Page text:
WT: Let’s change the subject and instead of music talk about books for a second—the literary production is usually divided between those works that take years and those that can be written even in a week, since the writer has them already internally concluded. Do you think that this criteria could also be applied to music?
DD: Electronic music is very fast-moving nowadays. I doubt that productions which have been begun years ago can simply be released into the present without modification. In general, I believe timeless music is very rare.
WT: Recognized today as the city of techno and freedom, Berlin owes a lot to its protagonists. What remains of the origins that established the scene, and what has changed since the 90s?
DD: I’d say that almost everything has changed. Well, which clubs have remained from the 90s? Planet, Bunker, UFO, Walfisch, and E-Werk have disappeared an eternity ago.
Tresor had to give way to a shopping mall, losing its original charm entirely in my opinion. Nowadays, the Mercedes Benz Arena stands on the site of the former Ostgut/Panorama Bar and the Casino. Watergate is struggling with real estate sharks, who are driving the rent to extremes. The only underused properties that can still be rented temporarily are in the outskirts of Berlin.
WT: Shortly after the fall of the Wall, you moved from Halle to Berlin, so you experienced the reunification of “two Germanies”, two completely different worlds in social and political terms. You were a teenager back then—would you share a memory of those times with us?
DD: At the time of the fall of the Berlin Wall, I was already 14 years old. My father used to live in Prenzlauer Berg already during GDR [German Democratic Republic] times, and I was able to visit him regularly. Hence, Berlin, the Wall, East and West were not unknown to me. East Berlin as the capital had a special status already back then. You could find stuff there that did not exist anywhere else in the GDR. The TV tower, the subway, and UHT milk in tetra paks impressed me already back then.
After the fall of the Wall it was a matter of seconds to get from East to West in Berlin. You would just board the subway in Friedrichstrasse and arrive in Wedding a few minutes later. There you would find Coca-Cola and Marlboro cigarettes. In my memory, however, the subway stations in the West were just as fucked up as the ones in the East, only the products on the shelves of the kiosks had changed.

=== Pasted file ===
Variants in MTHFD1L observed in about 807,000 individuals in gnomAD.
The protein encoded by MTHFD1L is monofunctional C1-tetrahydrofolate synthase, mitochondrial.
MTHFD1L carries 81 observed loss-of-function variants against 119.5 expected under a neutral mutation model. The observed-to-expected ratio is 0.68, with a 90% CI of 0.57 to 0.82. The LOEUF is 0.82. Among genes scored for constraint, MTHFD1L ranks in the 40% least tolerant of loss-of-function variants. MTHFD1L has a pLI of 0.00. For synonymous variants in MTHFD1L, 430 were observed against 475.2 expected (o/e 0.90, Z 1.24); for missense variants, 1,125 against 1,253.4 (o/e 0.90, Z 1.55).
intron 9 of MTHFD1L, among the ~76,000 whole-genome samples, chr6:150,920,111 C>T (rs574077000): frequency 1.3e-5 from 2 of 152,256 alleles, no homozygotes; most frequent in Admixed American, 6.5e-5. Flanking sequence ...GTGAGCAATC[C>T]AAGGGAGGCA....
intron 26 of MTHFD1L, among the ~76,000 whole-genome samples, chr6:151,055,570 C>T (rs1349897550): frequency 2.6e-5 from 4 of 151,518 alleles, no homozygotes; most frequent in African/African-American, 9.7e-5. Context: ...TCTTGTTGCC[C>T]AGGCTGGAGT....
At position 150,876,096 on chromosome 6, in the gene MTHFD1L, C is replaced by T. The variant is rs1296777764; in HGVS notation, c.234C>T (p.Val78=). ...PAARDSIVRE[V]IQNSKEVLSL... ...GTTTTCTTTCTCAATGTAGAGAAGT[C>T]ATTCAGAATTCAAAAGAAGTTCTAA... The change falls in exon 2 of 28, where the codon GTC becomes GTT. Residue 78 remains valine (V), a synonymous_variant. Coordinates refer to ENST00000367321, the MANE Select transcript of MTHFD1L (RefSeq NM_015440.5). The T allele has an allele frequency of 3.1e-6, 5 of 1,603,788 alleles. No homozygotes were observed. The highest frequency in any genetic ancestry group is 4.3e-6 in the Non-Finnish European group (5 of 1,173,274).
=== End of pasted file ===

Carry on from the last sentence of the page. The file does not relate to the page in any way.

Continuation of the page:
WT: Already in 2012 in a Berlin Mitte Institut Interview, you recognized in reference to the Bachstelzen collective that not all members could make a living out of their art. Do you think that the speed, simultaneity, and spontaneity of the present digital world might further contribute to the erosion of artistic creativity?
DD: I think that making a living off one’s art is a blessing that is reserved for a chosen few. And I’m not saying this only with regards to music. There are countless painters, writers, actors and musicians who realize incredibly good and innovative projects in their fields yet still can not make a living from it. I think art has to do with skill, and—above all—idealism. If you believe in yourself and stay true to yourself, many things are possible.
WT: Thanks a lot for your time and the great music. To close the interview let’s jump into a short ͑͑͑Ping-Pong questionnaire, this is the fun part, don’t take it too seriously…
More DJs, less quality?
DD: I do not think so.
A record, a set and a track?
Beer, wine or whiskey?
Mornings, afternoons or evenings?
Mornings & evenings.
LSD, grass, or ecstasy?
Analog, digital or both?
110 BPM or 140 BPM?
To each their own.